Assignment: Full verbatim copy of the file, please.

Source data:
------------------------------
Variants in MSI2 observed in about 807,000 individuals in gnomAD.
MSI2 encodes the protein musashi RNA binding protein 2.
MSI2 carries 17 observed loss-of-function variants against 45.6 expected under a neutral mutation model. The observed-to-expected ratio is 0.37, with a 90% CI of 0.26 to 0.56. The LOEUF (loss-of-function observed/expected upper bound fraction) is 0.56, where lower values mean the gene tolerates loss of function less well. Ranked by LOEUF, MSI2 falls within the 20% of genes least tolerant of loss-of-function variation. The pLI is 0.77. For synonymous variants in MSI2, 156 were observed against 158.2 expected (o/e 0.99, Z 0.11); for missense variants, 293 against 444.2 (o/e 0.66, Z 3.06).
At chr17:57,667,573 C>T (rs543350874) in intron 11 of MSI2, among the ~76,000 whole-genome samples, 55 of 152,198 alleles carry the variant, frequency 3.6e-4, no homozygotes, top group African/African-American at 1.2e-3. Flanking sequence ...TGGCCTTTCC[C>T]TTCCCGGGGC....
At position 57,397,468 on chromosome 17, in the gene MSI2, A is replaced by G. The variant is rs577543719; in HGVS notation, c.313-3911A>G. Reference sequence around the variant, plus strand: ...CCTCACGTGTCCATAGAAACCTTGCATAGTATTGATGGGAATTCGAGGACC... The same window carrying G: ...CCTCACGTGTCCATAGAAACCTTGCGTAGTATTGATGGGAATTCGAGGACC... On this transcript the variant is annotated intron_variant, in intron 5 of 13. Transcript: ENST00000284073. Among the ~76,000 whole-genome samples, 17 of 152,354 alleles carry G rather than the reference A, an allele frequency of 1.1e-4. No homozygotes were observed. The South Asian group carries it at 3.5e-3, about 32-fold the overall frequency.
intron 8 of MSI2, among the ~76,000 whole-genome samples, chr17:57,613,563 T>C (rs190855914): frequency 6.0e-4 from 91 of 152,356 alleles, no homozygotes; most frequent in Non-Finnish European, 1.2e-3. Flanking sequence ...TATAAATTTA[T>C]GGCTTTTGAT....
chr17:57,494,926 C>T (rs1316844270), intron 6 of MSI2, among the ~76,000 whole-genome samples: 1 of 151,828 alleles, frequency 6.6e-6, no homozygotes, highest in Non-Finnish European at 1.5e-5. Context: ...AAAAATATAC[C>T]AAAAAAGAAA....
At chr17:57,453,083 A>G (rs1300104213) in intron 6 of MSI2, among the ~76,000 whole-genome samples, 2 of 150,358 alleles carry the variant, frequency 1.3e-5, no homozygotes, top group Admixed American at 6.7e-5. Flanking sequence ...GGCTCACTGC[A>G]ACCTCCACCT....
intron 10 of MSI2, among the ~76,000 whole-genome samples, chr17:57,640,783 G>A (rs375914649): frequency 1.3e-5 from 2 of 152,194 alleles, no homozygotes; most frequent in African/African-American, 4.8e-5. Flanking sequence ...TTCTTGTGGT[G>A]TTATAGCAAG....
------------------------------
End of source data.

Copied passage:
Variants in MSI2 observed in about 807,000 individuals in gnomAD.
MSI2 encodes the protein musashi RNA binding protein 2.
MSI2 carries 17 observed loss-of-function variants against 45.6 expected under a neutral mutation model. The observed-to-expected ratio is 0.37, with a 90% CI of 0.26 to 0.56. The LOEUF (loss-of-function observed/expected upper bound fraction) is 0.56, where lower values mean the gene tolerates loss of function less well. Ranked by LOEUF, MSI2 falls within the 20% of genes least tolerant of loss-of-function variation. The pLI is 0.77. For synonymous variants in MSI2, 156 were observed against 158.2 expected (o/e 0.99, Z 0.11); for missense variants, 293 against 444.2 (o/e 0.66, Z 3.06).
At chr17:57,667,573 C>T (rs543350874) in intron 11 of MSI2, among the ~76,000 whole-genome samples, 55 of 152,198 alleles carry the variant, frequency 3.6e-4, no homozygotes, top group African/African-American at 1.2e-3. Flanking sequence ...TGGCCTTTCC[C>T]TTCCCGGGGC....
At position 57,397,468 on chromosome 17, in the gene MSI2, A is replaced by G. The variant is rs577543719; in HGVS notation, c.313-3911A>G. Reference sequence around the variant, plus strand: ...CCTCACGTGTCCATAGAAACCTTGCATAGTATTGATGGGAATTCGAGGACC... The same window carrying G: ...CCTCACGTGTCCATAGAAACCTTGCGTAGTATTGATGGGAATTCGAGGACC... On this transcript the variant is annotated intron_variant, in intron 5 of 13. Transcript: ENST00000284073. Among the ~76,000 whole-genome samples, 17 of 152,354 alleles carry G rather than the reference A, an allele frequency of 1.1e-4. No homozygotes were observed. The South Asian group carries it at 3.5e-3, about 32-fold the overall frequency.
intron 8 of MSI2, among the ~76,000 whole-genome samples, chr17:57,613,563 T>C (rs190855914): frequency 6.0e-4 from 91 of 152,356 alleles, no homozygotes; most frequent in Non-Finnish European, 1.2e-3. Flanking sequence ...TATAAATTTA[T>C]GGCTTTTGAT....
chr17:57,494,926 C>T (rs1316844270), intron 6 of MSI2, among the ~76,000 whole-genome samples: 1 of 151,828 alleles, frequency 6.6e-6, no homozygotes, highest in Non-Finnish European at 1.5e-5. Context: ...AAAAATATAC[C>T]AAAAAAGAAA....
At chr17:57,453,083 A>G (rs1300104213) in intron 6 of MSI2, among the ~76,000 whole-genome samples, 2 of 150,358 alleles carry the variant, frequency 1.3e-5, no homozygotes, top group Admixed American at 6.7e-5. Flanking sequence ...GGCTCACTGC[A>G]ACCTCCACCT....
intron 10 of MSI2, among the ~76,000 whole-genome samples, chr17:57,640,783 G>A (rs375914649): frequency 1.3e-5 from 2 of 152,194 alleles, no homozygotes; most frequent in African/African-American, 4.8e-5. Flanking sequence ...TTCTTGTGGT[G>A]TTATAGCAAG....